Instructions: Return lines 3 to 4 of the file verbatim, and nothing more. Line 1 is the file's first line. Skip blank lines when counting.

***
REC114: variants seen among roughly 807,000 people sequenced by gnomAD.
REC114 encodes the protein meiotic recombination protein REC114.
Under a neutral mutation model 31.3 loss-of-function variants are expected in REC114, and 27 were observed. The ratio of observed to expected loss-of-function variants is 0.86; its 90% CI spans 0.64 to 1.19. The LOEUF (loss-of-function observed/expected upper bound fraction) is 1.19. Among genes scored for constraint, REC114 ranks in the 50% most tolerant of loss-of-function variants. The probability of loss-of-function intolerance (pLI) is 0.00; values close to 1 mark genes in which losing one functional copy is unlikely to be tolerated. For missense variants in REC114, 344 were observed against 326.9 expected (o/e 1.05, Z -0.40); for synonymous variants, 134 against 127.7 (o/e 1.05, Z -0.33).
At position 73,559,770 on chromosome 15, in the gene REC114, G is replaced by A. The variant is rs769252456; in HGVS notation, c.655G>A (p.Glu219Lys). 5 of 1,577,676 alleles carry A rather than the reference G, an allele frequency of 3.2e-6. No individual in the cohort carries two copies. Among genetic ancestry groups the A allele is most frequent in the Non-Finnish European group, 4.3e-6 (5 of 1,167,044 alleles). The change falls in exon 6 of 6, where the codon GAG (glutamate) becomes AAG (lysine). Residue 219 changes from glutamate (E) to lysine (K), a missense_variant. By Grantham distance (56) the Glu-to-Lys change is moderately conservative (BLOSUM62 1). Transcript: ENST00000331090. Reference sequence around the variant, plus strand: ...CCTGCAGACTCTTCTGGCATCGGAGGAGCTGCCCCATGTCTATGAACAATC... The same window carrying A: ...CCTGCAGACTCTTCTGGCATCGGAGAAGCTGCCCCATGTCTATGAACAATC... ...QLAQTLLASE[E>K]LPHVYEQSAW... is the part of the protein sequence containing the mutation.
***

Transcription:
Under a neutral mutation model 31.3 loss-of-function variants are expected in REC114, and 27 were observed. The ratio of observed to expected loss-of-function variants is 0.86; its 90% CI spans 0.64 to 1.19. The LOEUF (loss-of-function observed/expected upper bound fraction) is 1.19. Among genes scored for constraint, REC114 ranks in the 50% most tolerant of loss-of-function variants. The probability of loss-of-function intolerance (pLI) is 0.00; values close to 1 mark genes in which losing one functional copy is unlikely to be tolerated. For missense variants in REC114, 344 were observed against 326.9 expected (o/e 1.05, Z -0.40); for synonymous variants, 134 against 127.7 (o/e 1.05, Z -0.33).
At position 73,559,770 on chromosome 15, in the gene REC114, G is replaced by A. The variant is rs769252456; in HGVS notation, c.655G>A (p.Glu219Lys). 5 of 1,577,676 alleles carry A rather than the reference G, an allele frequency of 3.2e-6. No individual in the cohort carries two copies. Among genetic ancestry groups the A allele is most frequent in the Non-Finnish European group, 4.3e-6 (5 of 1,167,044 alleles). The change falls in exon 6 of 6, where the codon GAG (glutamate) becomes AAG (lysine). Residue 219 changes from glutamate (E) to lysine (K), a missense_variant. By Grantham distance (56) the Glu-to-Lys change is moderately conservative (BLOSUM62 1). Transcript: ENST00000331090. Reference sequence around the variant, plus strand: ...CCTGCAGACTCTTCTGGCATCGGAGGAGCTGCCCCATGTCTATGAACAATC... The same window carrying A: ...CCTGCAGACTCTTCTGGCATCGGAGAAGCTGCCCCATGTCTATGAACAATC... ...QLAQTLLASE[E>K]LPHVYEQSAW... is the part of the protein sequence containing the mutation.